Utah lawmakers took another step closer to approving a nearly $200 million tax cut this year, including a $160 million across-the-board income tax rate cut, a $25 million nonrefundable earned income tax credit, and a $15 million expansion for the state’s Social Security tax credit.
The Utah House on Wednesday voted 63-12 to approve SB59, a bill that the Senate approved earlier in the session that only included provisions to drop Utah’s income tax rate from 4.95% to 4.85%. House lawmakers added into the bill the earned income tax credit and Social Security tax cuts in a committee last week, looking to provide more “targeted” tax cuts to low- and moderate-income Utahns.
The bill now goes back to the Senate for consideration. It could be debated there as early as Thursday.
The tax cut bill cleared the House with several Republican lawmakers applauding the inclusion of what would be a first for the state of Utah — a nonrefundable earned income tax credit. They said it would better target Utahns on the lower end of the income scale while also incentivizing work.
“It’s the principle of no handouts,” the bill’s House sponsor, Rep. Casey Snider, R-Paradise, said on the House floor. “An individual has to contribute to society if there is an expectation of having something returned.”
“It’s a good bill,” Snider said, though he added he doesn’t “love every piece of this with uniformity.” He said the bill was drafted out of compromise, and that not everyone is completely happy with its final product.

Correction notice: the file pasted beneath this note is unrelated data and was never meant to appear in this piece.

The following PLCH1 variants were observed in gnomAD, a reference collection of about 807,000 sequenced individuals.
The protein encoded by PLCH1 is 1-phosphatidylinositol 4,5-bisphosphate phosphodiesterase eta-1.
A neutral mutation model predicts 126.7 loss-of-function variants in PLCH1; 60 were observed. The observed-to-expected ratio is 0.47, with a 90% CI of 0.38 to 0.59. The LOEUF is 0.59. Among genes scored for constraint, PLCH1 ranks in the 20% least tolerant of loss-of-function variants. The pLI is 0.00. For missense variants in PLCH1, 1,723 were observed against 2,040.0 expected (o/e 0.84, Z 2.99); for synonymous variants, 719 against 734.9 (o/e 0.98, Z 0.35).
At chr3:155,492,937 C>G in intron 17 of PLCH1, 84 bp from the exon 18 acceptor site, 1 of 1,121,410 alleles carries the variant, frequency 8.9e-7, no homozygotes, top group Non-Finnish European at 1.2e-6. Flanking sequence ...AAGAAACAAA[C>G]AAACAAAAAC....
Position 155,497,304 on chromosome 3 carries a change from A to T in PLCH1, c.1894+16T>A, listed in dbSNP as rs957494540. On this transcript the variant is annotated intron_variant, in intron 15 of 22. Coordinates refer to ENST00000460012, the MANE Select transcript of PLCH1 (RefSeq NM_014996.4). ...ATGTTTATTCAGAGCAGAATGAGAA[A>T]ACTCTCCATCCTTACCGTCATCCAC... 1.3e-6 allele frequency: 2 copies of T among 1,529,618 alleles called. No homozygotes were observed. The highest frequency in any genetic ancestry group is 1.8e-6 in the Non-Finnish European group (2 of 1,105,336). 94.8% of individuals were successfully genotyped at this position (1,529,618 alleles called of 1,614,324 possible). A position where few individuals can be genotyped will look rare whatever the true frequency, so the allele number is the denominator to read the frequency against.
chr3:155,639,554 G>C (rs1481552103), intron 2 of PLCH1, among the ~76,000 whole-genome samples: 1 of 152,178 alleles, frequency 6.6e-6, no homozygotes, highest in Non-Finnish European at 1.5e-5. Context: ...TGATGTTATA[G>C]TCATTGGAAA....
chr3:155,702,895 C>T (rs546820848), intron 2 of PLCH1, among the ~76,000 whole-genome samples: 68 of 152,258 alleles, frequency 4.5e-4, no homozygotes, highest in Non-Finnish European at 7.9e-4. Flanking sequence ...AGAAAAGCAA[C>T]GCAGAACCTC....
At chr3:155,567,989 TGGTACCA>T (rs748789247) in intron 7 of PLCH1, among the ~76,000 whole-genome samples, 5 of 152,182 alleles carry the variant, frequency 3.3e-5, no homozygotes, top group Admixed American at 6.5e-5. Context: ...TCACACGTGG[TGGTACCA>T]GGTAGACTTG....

“But what we’ve crafted here is fair, it’s equitable, it extends across all income brackets, and it makes everybody equally happy and unhappy,” he said.
What does the tax cut include?
Here’s what’s in SB59:
- As currently drafted, SB59 would drop Utah’s income tax rate from 4.95% to 4.85%. Impact to Utahns would proportionately depend on income levels, but for a family of four making $72,000 a year, the cut would mean about $98 more a year.
- The nonrefundable earned income tax credit would give extra relief for low- and moderate-income working Utahns by allowing them to qualify for a state match equal to 15% of the amount of the federal earned income tax credit, according to its original bill HB307. The amount they would receive back would depend on family size and income levels, but for a family of four with a yearly income of $31,000, the state earned income tax credit match would give them an extra $266 in their tax return, according to bill sponsor, Rep. Mike Winder, R-West Valley City.
- The bill has also absorbed HB53, sponsored by Rep. Walt Brooks, R-St. George, to expand the state’s Social Security tax credit. It would result in an average annual tax savings of approximately $210 for an estimated 71,257 Utahns in tax year 2022, according to the bill’s fiscal note.
Legislative leaders from both the House and Senate have said the earned income tax credit and Social Security bills are the tax cut proposals that GOP caucus members most prefer.